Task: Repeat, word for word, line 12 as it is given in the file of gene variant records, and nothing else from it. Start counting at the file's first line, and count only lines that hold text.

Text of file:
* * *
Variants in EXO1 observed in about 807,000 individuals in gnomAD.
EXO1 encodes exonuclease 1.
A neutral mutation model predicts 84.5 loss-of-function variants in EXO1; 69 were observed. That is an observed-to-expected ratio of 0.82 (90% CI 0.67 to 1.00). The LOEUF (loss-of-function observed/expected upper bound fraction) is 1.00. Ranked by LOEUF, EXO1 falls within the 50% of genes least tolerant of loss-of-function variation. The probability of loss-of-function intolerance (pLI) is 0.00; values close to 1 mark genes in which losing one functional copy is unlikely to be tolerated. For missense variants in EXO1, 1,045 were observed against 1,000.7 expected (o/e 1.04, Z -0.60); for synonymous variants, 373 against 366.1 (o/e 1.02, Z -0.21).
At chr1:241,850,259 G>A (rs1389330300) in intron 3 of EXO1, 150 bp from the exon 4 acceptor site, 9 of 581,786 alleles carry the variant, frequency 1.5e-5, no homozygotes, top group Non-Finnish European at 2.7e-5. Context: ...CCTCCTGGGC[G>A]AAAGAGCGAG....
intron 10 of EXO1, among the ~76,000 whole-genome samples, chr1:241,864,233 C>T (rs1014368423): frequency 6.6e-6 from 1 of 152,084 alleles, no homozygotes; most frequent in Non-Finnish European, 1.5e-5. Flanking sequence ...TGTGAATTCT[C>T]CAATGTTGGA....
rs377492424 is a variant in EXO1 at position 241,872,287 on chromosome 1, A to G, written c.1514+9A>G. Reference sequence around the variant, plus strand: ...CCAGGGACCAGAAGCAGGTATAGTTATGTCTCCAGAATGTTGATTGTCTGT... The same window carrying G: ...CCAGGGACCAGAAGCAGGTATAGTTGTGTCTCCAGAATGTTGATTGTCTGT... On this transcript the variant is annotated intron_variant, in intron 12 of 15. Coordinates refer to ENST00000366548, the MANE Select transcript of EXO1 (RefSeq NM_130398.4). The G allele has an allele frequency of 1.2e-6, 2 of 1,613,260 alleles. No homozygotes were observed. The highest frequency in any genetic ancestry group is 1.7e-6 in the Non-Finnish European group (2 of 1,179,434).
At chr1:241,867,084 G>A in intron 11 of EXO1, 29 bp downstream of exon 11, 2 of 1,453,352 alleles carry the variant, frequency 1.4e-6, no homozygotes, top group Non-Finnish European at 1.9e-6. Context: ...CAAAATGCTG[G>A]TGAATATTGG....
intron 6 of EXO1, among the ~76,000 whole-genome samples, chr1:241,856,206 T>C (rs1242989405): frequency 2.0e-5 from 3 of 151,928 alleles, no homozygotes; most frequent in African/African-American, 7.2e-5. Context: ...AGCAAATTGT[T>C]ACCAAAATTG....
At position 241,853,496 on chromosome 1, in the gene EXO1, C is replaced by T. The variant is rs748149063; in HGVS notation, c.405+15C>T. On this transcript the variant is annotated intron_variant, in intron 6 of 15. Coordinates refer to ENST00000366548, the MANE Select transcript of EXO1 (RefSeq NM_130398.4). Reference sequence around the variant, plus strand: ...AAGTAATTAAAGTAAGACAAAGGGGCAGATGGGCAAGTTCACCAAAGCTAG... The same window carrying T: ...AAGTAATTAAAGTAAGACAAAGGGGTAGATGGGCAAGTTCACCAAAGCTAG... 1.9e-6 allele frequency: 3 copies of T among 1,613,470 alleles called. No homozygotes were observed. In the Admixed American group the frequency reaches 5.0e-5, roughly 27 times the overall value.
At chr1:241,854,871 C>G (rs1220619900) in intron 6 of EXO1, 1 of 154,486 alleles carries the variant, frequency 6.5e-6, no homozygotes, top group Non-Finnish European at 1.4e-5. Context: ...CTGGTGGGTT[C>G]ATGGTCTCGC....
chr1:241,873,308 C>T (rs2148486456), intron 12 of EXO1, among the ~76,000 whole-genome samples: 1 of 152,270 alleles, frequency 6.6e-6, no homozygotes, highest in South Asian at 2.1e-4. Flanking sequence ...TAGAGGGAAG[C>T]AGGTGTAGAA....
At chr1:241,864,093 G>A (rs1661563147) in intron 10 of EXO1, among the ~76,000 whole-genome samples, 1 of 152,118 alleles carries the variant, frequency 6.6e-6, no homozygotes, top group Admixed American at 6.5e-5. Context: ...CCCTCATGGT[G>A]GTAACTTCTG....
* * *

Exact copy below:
At chr1:241,864,093 G>A (rs1661563147) in intron 10 of EXO1, among the ~76,000 whole-genome samples, 1 of 152,118 alleles carries the variant, frequency 6.6e-6, no homozygotes, top group Admixed American at 6.5e-5. Context: ...CCCTCATGGT[G>A]GTAACTTCTG....